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What fees should I look out for?
Old 03-19-2009, 09:14 PM   #1
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What fees should I look out for?

Expense ratio is the obvious one but what are some of the other fees to look out for?

I need to rebalance my accounts. Does anyone know if Fidelity and Vanguard charge exchange fees?
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Old 03-19-2009, 09:32 PM   #2
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Everything is pretty transparent at Vanguard. About the only thing you have to watch for is that a few funds charge fees when you buy or sell, and a few charge fees if you sell "early" to discourage day-traders, etc. These tend to fall in two categories - tax-advantaged funds, and some of the newest or most specialized funds. These "fees" are generally not kept by Vanguard, but are paid to the owners of the funds.

You have to look at each specific fund to find out which might have these fees. You will also be warned before you buy and sell if you are subject to one of these fees.
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Old 03-19-2009, 09:34 PM   #3
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Vanguard has funds that have early redemption fees of up to 1%. I think some of the Fidelity funds charge up to 2%. One can avoid these fees by holding your shares the required minimum amount of time.

You didn't state which funds you are working with because if you did, we could probably be more helpful. For example, if you bought a Vanguard fund at Fidelity, then there would be the commission which is an expense. If you bought a Fidelity fund at Vanguard there would be the commission as well. However, if you buy a Vanguard fund at Vanguard, there is no commission.

If you buy a stock or fund that trades like a stock, then you may have the commission, the bid-ask spread and the discount/premium to net asset value to take into account.

If this is a taxable account, you should know that many of the Vanguard funds are about to pay dividends. If you "buy the dividend" you will incur a tax cost. You want to make sure that your stock dividends are "qualified" which means you need to hold the underlying security for 60 days in the 121 day window of time centered on the dividend payout (or maybe date of record).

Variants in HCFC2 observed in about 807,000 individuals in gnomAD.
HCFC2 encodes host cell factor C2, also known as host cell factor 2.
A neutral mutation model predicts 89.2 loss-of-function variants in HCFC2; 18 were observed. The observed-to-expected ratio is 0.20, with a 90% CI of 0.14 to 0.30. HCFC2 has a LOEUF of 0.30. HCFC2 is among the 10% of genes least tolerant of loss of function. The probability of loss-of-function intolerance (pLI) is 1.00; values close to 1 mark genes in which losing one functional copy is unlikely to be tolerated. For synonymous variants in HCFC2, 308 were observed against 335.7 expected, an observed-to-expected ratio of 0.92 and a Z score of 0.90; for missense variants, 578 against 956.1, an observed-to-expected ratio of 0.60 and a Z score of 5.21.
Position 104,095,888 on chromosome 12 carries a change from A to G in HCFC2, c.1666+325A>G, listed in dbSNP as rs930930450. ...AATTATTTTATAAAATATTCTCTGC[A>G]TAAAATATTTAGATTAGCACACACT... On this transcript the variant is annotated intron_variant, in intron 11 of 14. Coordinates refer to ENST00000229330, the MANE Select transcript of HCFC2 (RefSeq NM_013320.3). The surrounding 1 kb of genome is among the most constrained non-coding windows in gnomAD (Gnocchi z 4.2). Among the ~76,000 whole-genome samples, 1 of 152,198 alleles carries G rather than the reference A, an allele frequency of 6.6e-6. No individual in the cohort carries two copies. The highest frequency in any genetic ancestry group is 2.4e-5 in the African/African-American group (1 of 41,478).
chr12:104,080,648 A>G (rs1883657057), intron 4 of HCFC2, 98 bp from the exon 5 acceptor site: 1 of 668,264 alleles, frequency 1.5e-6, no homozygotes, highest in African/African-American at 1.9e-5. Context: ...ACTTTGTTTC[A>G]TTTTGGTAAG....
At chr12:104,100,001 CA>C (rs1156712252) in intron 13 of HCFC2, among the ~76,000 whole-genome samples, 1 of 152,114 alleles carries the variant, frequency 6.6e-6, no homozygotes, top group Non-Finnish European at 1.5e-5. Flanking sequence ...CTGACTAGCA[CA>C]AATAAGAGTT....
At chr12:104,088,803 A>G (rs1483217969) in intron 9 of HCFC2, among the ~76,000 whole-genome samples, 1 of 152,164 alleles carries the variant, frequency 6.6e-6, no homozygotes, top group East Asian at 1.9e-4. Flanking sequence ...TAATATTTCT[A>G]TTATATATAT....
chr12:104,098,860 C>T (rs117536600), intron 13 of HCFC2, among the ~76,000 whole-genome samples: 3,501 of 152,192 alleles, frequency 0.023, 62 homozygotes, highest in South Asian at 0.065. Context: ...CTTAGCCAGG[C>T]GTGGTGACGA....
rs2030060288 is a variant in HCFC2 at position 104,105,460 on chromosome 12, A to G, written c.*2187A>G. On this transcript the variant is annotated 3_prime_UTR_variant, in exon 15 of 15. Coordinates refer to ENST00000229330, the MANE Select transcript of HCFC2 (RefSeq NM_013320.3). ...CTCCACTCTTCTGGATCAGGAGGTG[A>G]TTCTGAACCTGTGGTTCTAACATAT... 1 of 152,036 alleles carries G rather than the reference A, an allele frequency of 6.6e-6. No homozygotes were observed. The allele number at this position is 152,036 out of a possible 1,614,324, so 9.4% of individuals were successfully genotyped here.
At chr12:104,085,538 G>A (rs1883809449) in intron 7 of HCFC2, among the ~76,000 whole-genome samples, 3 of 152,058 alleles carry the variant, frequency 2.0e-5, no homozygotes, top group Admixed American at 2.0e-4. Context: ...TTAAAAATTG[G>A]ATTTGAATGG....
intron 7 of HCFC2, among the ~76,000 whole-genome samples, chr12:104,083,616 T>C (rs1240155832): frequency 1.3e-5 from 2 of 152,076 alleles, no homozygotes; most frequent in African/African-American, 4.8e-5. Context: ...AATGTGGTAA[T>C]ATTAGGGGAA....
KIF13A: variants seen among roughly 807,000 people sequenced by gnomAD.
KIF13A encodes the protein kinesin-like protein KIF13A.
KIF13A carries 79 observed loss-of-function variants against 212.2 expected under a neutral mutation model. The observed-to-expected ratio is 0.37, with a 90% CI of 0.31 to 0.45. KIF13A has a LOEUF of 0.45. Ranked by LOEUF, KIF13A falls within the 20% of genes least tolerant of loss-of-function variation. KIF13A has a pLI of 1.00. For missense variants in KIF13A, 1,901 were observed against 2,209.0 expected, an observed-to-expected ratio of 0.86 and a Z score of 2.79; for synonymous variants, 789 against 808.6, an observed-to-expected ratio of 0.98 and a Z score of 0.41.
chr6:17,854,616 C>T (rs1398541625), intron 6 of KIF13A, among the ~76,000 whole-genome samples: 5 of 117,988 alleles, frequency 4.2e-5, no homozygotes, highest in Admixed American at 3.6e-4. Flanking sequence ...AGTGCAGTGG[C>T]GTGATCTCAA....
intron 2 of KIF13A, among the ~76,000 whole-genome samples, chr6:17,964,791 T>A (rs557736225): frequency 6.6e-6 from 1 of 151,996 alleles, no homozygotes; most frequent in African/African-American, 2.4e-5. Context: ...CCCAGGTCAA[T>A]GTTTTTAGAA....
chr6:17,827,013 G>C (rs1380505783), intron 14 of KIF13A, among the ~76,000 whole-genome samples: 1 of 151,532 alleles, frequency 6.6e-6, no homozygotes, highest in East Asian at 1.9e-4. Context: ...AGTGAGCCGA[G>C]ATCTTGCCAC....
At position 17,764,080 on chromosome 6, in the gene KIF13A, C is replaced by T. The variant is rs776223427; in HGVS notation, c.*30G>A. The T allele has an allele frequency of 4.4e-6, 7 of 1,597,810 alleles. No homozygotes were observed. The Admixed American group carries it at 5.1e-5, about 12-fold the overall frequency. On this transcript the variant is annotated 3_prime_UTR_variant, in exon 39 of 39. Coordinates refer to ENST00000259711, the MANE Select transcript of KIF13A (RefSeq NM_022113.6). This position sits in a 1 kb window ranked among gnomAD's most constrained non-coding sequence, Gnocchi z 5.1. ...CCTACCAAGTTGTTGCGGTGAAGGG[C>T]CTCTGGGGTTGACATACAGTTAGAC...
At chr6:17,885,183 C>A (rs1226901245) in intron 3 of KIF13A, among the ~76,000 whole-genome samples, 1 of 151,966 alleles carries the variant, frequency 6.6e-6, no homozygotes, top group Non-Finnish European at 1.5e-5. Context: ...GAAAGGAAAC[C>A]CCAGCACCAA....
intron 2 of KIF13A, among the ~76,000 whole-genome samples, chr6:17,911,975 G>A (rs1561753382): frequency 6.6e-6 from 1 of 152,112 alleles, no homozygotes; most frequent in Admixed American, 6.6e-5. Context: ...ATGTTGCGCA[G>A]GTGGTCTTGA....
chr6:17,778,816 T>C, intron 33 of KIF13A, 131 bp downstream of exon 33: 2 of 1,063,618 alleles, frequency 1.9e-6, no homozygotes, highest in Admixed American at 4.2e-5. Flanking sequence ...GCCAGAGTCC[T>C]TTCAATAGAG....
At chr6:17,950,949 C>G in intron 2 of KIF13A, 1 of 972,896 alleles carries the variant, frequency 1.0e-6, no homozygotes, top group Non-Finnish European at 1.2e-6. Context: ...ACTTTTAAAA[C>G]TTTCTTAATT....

I imagine most of these things you don't have to worry about except when you need to worry about them.
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Old 03-19-2009, 10:51 PM   #4
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Quote:
Originally Posted by Grep View Post
Everything is pretty transparent at Vanguard. About the only thing you have to watch for is that a few funds charge fees when you buy or sell, and a few charge fees if you sell "early" to discourage day-traders, etc. These tend to fall in two categories - tax-advantaged funds, and some of the newest or most specialized funds. These "fees" are generally not kept by Vanguard, but are paid to the owners of the funds.

You have to look at each specific fund to find out which might have these fees. You will also be warned before you buy and sell if you are subject to one of these fees.
Thanks for the info. That's what I figured but couldn't find too much information on their websites. I've been pretty happy with Vanguard so far. I'm glad I opened an account with them.
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Old 03-19-2009, 11:03 PM   #5
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Vanguard has funds that have early redemption fees of up to 1%. I think some of the Fidelity funds charge up to 2%. One can avoid these fees by holding your shares the required minimum amount of time.

You didn't state which funds you are working with because if you did, we could probably be more helpful. For example, if you bought a Vanguard fund at Fidelity, then there would be the commission which is an expense. If you bought a Fidelity fund at Vanguard there would be the commission as well. However, if you buy a Vanguard fund at Vanguard, there is no commission.

If you buy a stock or fund that trades like a stock, then you may have the commission, the bid-ask spread and the discount/premium to net asset value to take into account.

If this is a taxable account, you should know that many of the Vanguard funds are about to pay dividends. If you "buy the dividend" you will incur a tax cost. You want to make sure that your stock dividends are "qualified" which means you need to hold the underlying security for 60 days in the 121 day window of time centered on the dividend payout (or maybe date of record).

I imagine most of these things you don't have to worry about except when you need to worry about them.

I'm planning on transferring all of my Fidelity Small Cap Independence Fund into my other 3 Fidelity funds. I've had the 4 funds for almost 2 years.

I'm also planning on transferring a portion of my Vanguard 2040 Target fund into a Vanguard Small Cap Index Fund and a Vanguard Bond fund. I've had the Target fund for a little over 2 years but also signed my wife up for the same fund tonight. It's not a big deal if I have to wait (a year or so?) before I can transfer hers without paying an early redemption fee.
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